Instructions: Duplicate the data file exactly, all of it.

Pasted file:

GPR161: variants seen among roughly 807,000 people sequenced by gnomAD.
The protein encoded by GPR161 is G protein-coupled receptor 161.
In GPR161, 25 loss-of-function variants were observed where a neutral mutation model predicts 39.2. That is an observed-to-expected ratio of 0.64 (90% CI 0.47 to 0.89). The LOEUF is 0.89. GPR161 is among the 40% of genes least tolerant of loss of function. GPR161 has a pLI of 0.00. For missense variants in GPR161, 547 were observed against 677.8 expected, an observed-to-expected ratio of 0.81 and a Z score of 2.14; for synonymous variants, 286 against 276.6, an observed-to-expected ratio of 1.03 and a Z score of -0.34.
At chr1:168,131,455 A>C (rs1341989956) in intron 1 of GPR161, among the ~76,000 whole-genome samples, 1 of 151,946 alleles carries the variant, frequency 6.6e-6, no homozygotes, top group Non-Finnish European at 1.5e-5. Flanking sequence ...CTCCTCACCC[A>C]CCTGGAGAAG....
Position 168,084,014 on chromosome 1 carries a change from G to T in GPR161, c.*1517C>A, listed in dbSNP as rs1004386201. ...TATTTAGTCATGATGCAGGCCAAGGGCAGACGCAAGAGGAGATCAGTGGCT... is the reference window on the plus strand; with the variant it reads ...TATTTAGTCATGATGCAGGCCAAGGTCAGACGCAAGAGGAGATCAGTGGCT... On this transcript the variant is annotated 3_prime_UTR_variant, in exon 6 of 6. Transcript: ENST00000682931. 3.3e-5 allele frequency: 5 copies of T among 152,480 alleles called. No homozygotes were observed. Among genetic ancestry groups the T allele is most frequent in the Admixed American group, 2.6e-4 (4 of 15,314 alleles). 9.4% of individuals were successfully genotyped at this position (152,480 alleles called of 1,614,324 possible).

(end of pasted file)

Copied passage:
GPR161: variants seen among roughly 807,000 people sequenced by gnomAD.
The protein encoded by GPR161 is G protein-coupled receptor 161.
In GPR161, 25 loss-of-function variants were observed where a neutral mutation model predicts 39.2. That is an observed-to-expected ratio of 0.64 (90% CI 0.47 to 0.89). The LOEUF is 0.89. GPR161 is among the 40% of genes least tolerant of loss of function. GPR161 has a pLI of 0.00. For missense variants in GPR161, 547 were observed against 677.8 expected, an observed-to-expected ratio of 0.81 and a Z score of 2.14; for synonymous variants, 286 against 276.6, an observed-to-expected ratio of 1.03 and a Z score of -0.34.
At chr1:168,131,455 A>C (rs1341989956) in intron 1 of GPR161, among the ~76,000 whole-genome samples, 1 of 151,946 alleles carries the variant, frequency 6.6e-6, no homozygotes, top group Non-Finnish European at 1.5e-5. Flanking sequence ...CTCCTCACCC[A>C]CCTGGAGAAG....
Position 168,084,014 on chromosome 1 carries a change from G to T in GPR161, c.*1517C>A, listed in dbSNP as rs1004386201. ...TATTTAGTCATGATGCAGGCCAAGGGCAGACGCAAGAGGAGATCAGTGGCT... is the reference window on the plus strand; with the variant it reads ...TATTTAGTCATGATGCAGGCCAAGGTCAGACGCAAGAGGAGATCAGTGGCT... On this transcript the variant is annotated 3_prime_UTR_variant, in exon 6 of 6. Transcript: ENST00000682931. 3.3e-5 allele frequency: 5 copies of T among 152,480 alleles called. No homozygotes were observed. Among genetic ancestry groups the T allele is most frequent in the Admixed American group, 2.6e-4 (4 of 15,314 alleles). 9.4% of individuals were successfully genotyped at this position (152,480 alleles called of 1,614,324 possible).